A favourite of tax advisers and stockbrokers, but is ‘The Alternative Investment Market (AIM)’ worth the risk for low to medium risk investors? I’m not convinced. Here’s why.
1. What is the AIM?
The AIM is a market which provides small and fast growing businesses opportunities to generate capital. Since its launch in 1995, approximately £100bn has been raised for over 3,500 companies . It has helped companies like Domino’s Pizza, Booker Group, Hiscox Insurance and – more recently – ASOS, the online retailer, thrive with impressive success stories.
The market is not regulated by a formal regulatory agency, but by the London Stock Exchange (LSE) itself. The more flexible regulations give firms the opportunity to seek outside investment on a popular exchange, while avoiding high compliance and disclosure costs that would be incurred on the Main Market.
2. The risks
Size bias, liquidity risk
The AIM index veers towards smaller companies (FTSE AIM All-Share index median holding has a market cap of £18m compared with the FTSE All-Share’s of £714m ) with much lower liquidity than firms that sit on regulated exchanges . Costs to enter/exit investments can be significantly high. It should be noted however, that AIM companies tend to have lower gearing, on average, compared with companies on the Main Market .
It is well worth remembering that the majority of the companies within the FTSE AIM All-Share index – perhaps not surprisingly – are UK firms (around 80%).
The top 10 holdings of the FTSE AIM All-Share index make up 25% of the index, with the largest holding – ASOS – around 5% of this.
Around 30% of the firms within the FTSE AIM All-Share index are under 5 years of age. Research (Gerakos, 2011) has suggested that over a quarter of companies fall out of the index within just one year of admission.
“I’m concerned that 30% of issuers that list on AIM are gone in a year”
Roel Campos, former SEC commissioner
3. The returns
Since 2001, the returns of the FTSE AIM All-Share index have been lower than those from the Main Market (FTSE All-Share and FTSE Small Cap). The last 10 years in particular have seen disappointing returns, while both small cap and broad market stocks on the regulated market have risen significantly .
From a volatility perspective, it hasn’t been good news either for AIM companies:
How the professionals perform
While AIM companies, on the whole, have had disappointing performance in recent years and the additional risks taken don’t appear to have been rewarded, there are certainly opportunities to be made when researching, and investing in, specific AIM companies. For example, managers such as Unicorn and Octopus (amongst many others) have returned 8.9% and 4.9% respectively per year in their AIM Venture Capital Trusts (VCT) compared with -1.1% for the FTSE AIM All-Share between Jul-07 to Jun-17. Note: these are not recommendations.
4. Tax advantages
A major attraction for investment in AIM companies is the tax advantages available to investors. The example below shows the possible IHT savings a simple Business Relief (BR) – formerly Business Property Relief (BPR) – qualifying investment  could achieve:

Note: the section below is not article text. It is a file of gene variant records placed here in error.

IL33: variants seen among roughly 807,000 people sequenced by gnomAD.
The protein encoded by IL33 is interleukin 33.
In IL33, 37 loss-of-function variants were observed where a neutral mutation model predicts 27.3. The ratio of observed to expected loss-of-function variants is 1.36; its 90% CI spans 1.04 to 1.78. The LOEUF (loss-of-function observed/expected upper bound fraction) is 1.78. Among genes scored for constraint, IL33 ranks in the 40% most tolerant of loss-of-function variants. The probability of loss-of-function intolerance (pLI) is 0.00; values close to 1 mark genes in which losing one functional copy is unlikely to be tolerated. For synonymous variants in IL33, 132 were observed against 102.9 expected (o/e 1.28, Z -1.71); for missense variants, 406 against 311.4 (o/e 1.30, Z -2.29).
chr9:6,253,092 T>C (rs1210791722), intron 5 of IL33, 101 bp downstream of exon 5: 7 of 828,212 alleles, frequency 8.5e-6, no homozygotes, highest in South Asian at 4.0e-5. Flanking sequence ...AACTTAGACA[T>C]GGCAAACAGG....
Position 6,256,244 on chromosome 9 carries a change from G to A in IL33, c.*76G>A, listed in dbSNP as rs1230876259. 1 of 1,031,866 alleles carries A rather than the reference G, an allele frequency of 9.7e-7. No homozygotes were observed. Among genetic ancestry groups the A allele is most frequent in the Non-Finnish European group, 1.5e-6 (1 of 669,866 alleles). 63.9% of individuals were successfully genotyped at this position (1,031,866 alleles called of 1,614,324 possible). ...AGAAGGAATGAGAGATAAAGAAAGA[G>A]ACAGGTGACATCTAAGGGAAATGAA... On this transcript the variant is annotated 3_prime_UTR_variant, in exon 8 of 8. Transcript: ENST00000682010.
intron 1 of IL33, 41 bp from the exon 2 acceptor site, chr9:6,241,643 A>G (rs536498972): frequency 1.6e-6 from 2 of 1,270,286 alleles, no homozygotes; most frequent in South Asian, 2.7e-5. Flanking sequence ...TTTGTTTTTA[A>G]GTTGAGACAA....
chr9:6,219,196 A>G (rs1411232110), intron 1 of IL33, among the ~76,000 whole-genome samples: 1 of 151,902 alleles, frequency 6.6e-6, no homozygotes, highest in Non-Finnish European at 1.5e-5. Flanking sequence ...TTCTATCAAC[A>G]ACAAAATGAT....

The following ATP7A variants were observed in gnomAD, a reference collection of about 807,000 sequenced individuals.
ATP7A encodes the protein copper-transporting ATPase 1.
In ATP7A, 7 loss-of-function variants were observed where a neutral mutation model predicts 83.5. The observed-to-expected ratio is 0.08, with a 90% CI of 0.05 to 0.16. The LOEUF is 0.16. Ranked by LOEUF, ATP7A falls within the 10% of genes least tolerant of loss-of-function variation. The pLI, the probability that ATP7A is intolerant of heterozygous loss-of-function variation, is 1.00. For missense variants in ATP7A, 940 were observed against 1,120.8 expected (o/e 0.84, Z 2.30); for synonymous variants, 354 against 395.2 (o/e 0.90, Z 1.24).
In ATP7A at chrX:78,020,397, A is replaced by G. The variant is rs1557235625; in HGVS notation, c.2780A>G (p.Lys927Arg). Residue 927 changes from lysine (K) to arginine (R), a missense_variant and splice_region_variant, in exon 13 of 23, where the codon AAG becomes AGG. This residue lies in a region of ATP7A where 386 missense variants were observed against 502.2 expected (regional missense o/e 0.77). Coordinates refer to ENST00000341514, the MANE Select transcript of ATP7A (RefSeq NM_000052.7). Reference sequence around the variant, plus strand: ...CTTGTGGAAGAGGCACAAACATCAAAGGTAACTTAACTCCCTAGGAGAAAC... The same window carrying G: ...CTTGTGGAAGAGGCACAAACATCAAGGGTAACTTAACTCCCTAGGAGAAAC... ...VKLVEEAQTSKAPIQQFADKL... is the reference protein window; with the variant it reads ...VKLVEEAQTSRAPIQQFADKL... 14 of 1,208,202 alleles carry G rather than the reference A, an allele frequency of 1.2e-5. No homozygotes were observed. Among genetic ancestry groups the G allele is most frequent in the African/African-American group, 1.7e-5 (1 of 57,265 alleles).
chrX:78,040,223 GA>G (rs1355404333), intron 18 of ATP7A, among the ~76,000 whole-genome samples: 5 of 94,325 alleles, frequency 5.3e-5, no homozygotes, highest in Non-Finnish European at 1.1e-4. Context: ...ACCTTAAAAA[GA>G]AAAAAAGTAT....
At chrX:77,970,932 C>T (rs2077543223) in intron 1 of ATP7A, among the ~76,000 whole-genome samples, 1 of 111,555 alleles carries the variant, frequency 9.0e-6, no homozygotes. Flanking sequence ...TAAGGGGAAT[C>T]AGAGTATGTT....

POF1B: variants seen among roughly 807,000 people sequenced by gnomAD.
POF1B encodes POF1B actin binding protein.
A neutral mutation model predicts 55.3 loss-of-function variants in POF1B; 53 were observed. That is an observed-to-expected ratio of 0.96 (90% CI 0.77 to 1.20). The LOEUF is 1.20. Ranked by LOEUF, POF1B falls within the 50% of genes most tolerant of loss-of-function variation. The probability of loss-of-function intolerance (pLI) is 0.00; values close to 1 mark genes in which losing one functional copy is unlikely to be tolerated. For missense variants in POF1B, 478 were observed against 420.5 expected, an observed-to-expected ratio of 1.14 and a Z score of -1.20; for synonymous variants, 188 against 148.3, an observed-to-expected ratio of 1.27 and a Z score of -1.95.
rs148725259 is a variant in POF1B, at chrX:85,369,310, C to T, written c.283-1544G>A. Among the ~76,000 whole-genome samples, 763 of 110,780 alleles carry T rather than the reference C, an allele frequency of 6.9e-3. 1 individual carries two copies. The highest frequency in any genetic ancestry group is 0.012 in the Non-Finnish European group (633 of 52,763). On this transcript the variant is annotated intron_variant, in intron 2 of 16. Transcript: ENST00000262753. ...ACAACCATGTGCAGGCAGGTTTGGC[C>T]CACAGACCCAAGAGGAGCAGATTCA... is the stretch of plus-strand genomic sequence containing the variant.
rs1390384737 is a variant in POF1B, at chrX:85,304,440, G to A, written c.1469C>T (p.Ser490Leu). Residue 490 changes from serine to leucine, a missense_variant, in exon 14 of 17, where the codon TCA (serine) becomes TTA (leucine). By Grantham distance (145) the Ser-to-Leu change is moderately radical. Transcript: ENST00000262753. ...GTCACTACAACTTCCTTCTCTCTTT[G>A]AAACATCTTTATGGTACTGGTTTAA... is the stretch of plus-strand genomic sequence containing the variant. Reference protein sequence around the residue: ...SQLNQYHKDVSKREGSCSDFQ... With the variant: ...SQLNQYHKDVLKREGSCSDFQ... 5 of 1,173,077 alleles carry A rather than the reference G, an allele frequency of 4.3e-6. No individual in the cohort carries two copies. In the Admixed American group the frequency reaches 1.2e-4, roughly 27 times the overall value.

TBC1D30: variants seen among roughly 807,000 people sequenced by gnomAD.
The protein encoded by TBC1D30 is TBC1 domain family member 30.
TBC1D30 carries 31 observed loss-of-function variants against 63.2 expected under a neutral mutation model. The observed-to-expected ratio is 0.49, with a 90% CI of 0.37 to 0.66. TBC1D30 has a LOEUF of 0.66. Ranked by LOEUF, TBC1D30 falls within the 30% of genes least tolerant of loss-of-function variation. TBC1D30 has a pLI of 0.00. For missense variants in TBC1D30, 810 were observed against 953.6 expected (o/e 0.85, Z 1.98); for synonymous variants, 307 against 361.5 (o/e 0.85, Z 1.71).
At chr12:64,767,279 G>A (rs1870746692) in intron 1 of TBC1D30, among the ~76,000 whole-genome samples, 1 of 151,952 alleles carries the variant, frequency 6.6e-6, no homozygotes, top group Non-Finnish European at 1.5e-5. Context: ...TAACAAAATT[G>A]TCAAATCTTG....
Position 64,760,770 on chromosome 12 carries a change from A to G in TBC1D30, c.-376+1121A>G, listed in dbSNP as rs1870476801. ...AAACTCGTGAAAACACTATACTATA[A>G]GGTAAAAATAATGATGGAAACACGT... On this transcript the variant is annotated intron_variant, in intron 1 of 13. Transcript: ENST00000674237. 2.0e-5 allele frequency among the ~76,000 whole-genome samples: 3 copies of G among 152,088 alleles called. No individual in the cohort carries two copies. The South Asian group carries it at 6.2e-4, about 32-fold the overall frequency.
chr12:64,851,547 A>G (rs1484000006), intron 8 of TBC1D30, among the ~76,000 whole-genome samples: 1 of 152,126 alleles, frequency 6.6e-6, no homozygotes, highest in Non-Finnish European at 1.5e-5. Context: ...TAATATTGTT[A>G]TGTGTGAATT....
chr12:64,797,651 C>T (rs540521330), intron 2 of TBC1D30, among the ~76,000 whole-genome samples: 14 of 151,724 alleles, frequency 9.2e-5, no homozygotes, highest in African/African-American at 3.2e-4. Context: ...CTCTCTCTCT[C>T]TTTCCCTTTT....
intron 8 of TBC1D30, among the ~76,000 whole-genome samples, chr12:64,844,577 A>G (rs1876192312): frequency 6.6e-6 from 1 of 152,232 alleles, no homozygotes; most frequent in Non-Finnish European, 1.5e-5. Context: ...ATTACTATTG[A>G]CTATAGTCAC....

Recent research  suggests that the total charge to deal and exit with a BR manager on average is around 2.8%, excluding the average AMC  of 1.4%. This is also discounting any performance fees that may be incurred.
It is important to ensure, for BR investments, that the manager is continually monitoring the trust’s investments to ensure the holdings are retaining their BR status otherwise the tax relief will be lost.
Furthermore, the investor’s attitude, need and ability to take risk should be taken into consideration before jumping in (avoid letting the tax tail wag the investment dog).
To sum up, in agreement with Gerakos et al., historically speaking from a risk/return perspective it is hard to make an argument for AIM investing – especially from a passive (indexing) perspective.
“The AIM is unlikely to be attractive to an investor pursuing a diversified passive portfolio”
However, it is clear there are huge opportunities within the AIM (e.g. £1,000 invested with ASOS at IPO back in October 2001 would now be worth a staggering £250,000 before dividends!). If it were possible to select a fund manager with the certainty that they would choose the winners consistently there would be a strong argument to invest in AIM companies. But given that over 20 years of manager performance is needed before one can be sure the manager is skilful at doing so, this in itself is a challenge.
Note: From the FCA’s regulatory perspective, these investments should only be purchased by high-risk investors.
2 www.ftse.com/Analytics/FactSheets, FTSE Russell as at 31 July 2017
3 Gerakos, J., (2011) Listing Choices and Self-Regulation: The Experience of the AIM
4 Mallin, C., (2009) Corporate Governance in Alternative Investment Market Companies: Determinants of Corporate Governance Disclosure
5 Morningstar Direct ©
6 AIM companies are unquoted business and so give 100% relief on IHT after a 2-year holdings period. (Intelligent Partnership (2016) AIM Industry Report 2016)
7 Intelligent Partnership (2017) BPR Industry Report 2017
8 Annual Management Charge